The Gulag--a vast array of Soviet concentration camps that held millions of political and criminal prisoners--was a system of repression and punishment that terrorized the entire society, embodying the worst tendencies of Soviet communism. In this magisterial and acclaimed history, Anne Applebaum offers the first fully documented portrait of the Gulag, from its origins in the Russian Revolution, through its expansion under Stalin, to its collapse in the era of glasnost. Applebaum intimately re-creates what life was like in the camps and links them to the larger history of the Soviet Union. Immediately recognized as a landmark and long-overdue work of scholarship, Gulag is an essential book for anyone who wishes to understand the history of the twentieth century.
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"Applebaum's lucid prose and painstaking consideration of the competing theories about aspects of camp life and policy are always compelling." - PW
"This first complete history of the Gulag system not only points out the similarities with the Nazis and their concentration camps but also puts Stalin and his Gulag on the same ghastly level. Highly recommended." - Library Journal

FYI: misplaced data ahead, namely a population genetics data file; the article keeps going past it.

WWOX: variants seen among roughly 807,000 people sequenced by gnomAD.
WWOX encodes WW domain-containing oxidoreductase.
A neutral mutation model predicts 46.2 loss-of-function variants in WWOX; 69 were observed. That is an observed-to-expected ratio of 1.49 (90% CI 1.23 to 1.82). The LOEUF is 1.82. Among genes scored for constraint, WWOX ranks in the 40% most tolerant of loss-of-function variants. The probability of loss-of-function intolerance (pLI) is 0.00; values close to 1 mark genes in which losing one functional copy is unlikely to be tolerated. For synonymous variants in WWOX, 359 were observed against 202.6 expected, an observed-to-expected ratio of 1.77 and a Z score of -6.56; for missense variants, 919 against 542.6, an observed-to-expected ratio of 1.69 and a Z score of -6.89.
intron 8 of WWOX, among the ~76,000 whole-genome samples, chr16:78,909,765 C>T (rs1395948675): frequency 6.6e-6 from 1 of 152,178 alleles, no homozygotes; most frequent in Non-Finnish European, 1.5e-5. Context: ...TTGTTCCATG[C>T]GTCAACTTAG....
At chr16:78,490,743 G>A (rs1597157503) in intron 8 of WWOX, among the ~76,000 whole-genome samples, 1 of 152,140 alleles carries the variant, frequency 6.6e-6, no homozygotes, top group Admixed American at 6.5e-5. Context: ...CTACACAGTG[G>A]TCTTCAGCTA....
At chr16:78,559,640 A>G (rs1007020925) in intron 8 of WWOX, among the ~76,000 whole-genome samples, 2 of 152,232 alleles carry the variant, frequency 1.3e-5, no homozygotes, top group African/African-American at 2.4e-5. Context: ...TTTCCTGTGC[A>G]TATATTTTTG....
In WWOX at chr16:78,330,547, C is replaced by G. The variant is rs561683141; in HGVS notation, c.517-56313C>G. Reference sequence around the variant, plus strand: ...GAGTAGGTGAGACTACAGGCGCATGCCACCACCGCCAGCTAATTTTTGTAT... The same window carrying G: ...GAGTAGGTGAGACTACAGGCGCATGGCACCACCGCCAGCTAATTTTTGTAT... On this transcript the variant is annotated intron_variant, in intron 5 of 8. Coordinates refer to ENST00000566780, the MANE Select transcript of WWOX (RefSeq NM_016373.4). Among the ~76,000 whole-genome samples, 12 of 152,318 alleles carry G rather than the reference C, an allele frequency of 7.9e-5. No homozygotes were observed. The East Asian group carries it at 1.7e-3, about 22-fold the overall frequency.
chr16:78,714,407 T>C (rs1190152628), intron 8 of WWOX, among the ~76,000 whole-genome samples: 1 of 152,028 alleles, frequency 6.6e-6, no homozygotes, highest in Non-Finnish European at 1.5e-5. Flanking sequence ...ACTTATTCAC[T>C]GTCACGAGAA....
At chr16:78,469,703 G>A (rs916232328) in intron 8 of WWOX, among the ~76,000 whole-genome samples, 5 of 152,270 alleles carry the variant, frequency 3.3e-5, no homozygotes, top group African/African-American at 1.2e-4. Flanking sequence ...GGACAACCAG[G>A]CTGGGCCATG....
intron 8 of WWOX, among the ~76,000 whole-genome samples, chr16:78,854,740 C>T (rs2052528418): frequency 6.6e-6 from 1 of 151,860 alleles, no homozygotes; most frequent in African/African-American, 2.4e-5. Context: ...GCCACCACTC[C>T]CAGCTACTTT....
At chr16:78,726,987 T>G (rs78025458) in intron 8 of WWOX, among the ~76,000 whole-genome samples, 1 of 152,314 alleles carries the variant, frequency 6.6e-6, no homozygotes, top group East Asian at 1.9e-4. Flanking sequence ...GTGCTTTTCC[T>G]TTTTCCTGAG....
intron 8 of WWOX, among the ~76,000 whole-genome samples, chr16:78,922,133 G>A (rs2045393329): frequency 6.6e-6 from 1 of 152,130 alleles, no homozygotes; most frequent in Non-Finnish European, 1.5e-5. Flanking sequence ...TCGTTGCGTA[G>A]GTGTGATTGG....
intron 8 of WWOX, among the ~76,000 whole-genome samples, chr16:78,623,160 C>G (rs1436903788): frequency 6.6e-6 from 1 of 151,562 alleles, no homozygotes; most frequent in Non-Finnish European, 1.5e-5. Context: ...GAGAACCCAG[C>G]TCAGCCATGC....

"Extraordinary in its range and lucidity: a most welcome companion to Bernard-Henri Levis Barbarism With a Human Face, Robert Conquests The Great Terror, and, of course, Aleksandr Solzhenitsyns Gulag Archipelago." - Kirkus
"Lucid, painstakingly detailed, never sensational, it should have a place on every educated reader's shelves." - The Los Angeles Times
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Anne Applebaum was born in 1664, and was educated at Sidwell Friends School before earning a BA at Yale. Anne went on to earn a Masters Degree at the London School of Economics, before moving to Warsaw, Poland in 1988 as a correspondent for The Economist, where she met her husband, Polish Foreign Minister Radoslaw Sikorski. In 1992, Applebaum won the Charles Douglas-Home Memorial Trust award for journalism in the ex-Soviet Union.
Anne is currently a columnist for The Washington Post and Slate. Her previous book, Gulag, won the Pulitzer Prize for Nonfiction and was a finalist for three other major prizes. Her essays appear in The New York Review of Books, Slate, and The London Spectator.
Anne lives in Washington, D.C., and Poland with her husband and their two sons.
Blood at the Root
"A gripping, timely, and important examination of American racism."
- PW Starred Review
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